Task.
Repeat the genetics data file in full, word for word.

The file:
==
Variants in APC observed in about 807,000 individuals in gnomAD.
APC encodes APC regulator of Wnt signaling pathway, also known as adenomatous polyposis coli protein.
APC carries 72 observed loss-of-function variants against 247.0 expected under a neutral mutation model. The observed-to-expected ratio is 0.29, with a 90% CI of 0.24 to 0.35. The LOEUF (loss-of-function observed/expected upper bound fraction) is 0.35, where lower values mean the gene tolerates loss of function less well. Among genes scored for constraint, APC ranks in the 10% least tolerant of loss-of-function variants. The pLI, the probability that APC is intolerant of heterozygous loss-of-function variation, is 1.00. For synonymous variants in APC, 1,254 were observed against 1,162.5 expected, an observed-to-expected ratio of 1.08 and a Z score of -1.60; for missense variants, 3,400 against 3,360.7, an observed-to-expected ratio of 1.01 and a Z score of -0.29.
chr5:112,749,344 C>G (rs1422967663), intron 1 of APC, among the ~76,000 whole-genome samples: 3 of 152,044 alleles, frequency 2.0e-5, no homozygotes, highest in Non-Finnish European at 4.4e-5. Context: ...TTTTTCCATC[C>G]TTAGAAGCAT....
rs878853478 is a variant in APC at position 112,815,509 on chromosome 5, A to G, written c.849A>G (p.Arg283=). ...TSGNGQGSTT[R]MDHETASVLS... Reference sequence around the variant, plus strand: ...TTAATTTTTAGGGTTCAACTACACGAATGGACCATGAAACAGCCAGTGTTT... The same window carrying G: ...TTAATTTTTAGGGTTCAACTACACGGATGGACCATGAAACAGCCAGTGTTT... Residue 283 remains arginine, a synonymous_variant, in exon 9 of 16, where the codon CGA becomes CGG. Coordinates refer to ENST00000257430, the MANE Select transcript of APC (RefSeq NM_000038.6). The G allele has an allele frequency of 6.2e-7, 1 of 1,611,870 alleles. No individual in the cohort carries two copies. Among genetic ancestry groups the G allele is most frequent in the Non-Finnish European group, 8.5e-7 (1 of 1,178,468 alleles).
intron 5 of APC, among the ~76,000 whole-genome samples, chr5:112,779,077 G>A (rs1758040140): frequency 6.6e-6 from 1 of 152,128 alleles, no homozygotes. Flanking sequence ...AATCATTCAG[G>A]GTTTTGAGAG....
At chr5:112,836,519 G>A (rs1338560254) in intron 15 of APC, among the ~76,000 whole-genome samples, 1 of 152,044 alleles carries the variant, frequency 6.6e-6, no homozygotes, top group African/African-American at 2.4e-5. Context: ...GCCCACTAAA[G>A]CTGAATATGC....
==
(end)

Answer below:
Variants in APC observed in about 807,000 individuals in gnomAD.
APC encodes APC regulator of Wnt signaling pathway, also known as adenomatous polyposis coli protein.
APC carries 72 observed loss-of-function variants against 247.0 expected under a neutral mutation model. The observed-to-expected ratio is 0.29, with a 90% CI of 0.24 to 0.35. The LOEUF (loss-of-function observed/expected upper bound fraction) is 0.35, where lower values mean the gene tolerates loss of function less well. Among genes scored for constraint, APC ranks in the 10% least tolerant of loss-of-function variants. The pLI, the probability that APC is intolerant of heterozygous loss-of-function variation, is 1.00. For synonymous variants in APC, 1,254 were observed against 1,162.5 expected, an observed-to-expected ratio of 1.08 and a Z score of -1.60; for missense variants, 3,400 against 3,360.7, an observed-to-expected ratio of 1.01 and a Z score of -0.29.
chr5:112,749,344 C>G (rs1422967663), intron 1 of APC, among the ~76,000 whole-genome samples: 3 of 152,044 alleles, frequency 2.0e-5, no homozygotes, highest in Non-Finnish European at 4.4e-5. Context: ...TTTTTCCATC[C>G]TTAGAAGCAT....
rs878853478 is a variant in APC at position 112,815,509 on chromosome 5, A to G, written c.849A>G (p.Arg283=). ...TSGNGQGSTT[R]MDHETASVLS... Reference sequence around the variant, plus strand: ...TTAATTTTTAGGGTTCAACTACACGAATGGACCATGAAACAGCCAGTGTTT... The same window carrying G: ...TTAATTTTTAGGGTTCAACTACACGGATGGACCATGAAACAGCCAGTGTTT... Residue 283 remains arginine, a synonymous_variant, in exon 9 of 16, where the codon CGA becomes CGG. Coordinates refer to ENST00000257430, the MANE Select transcript of APC (RefSeq NM_000038.6). The G allele has an allele frequency of 6.2e-7, 1 of 1,611,870 alleles. No individual in the cohort carries two copies. Among genetic ancestry groups the G allele is most frequent in the Non-Finnish European group, 8.5e-7 (1 of 1,178,468 alleles).
intron 5 of APC, among the ~76,000 whole-genome samples, chr5:112,779,077 G>A (rs1758040140): frequency 6.6e-6 from 1 of 152,128 alleles, no homozygotes. Flanking sequence ...AATCATTCAG[G>A]GTTTTGAGAG....
At chr5:112,836,519 G>A (rs1338560254) in intron 15 of APC, among the ~76,000 whole-genome samples, 1 of 152,044 alleles carries the variant, frequency 6.6e-6, no homozygotes, top group African/African-American at 2.4e-5. Context: ...GCCCACTAAA[G>A]CTGAATATGC....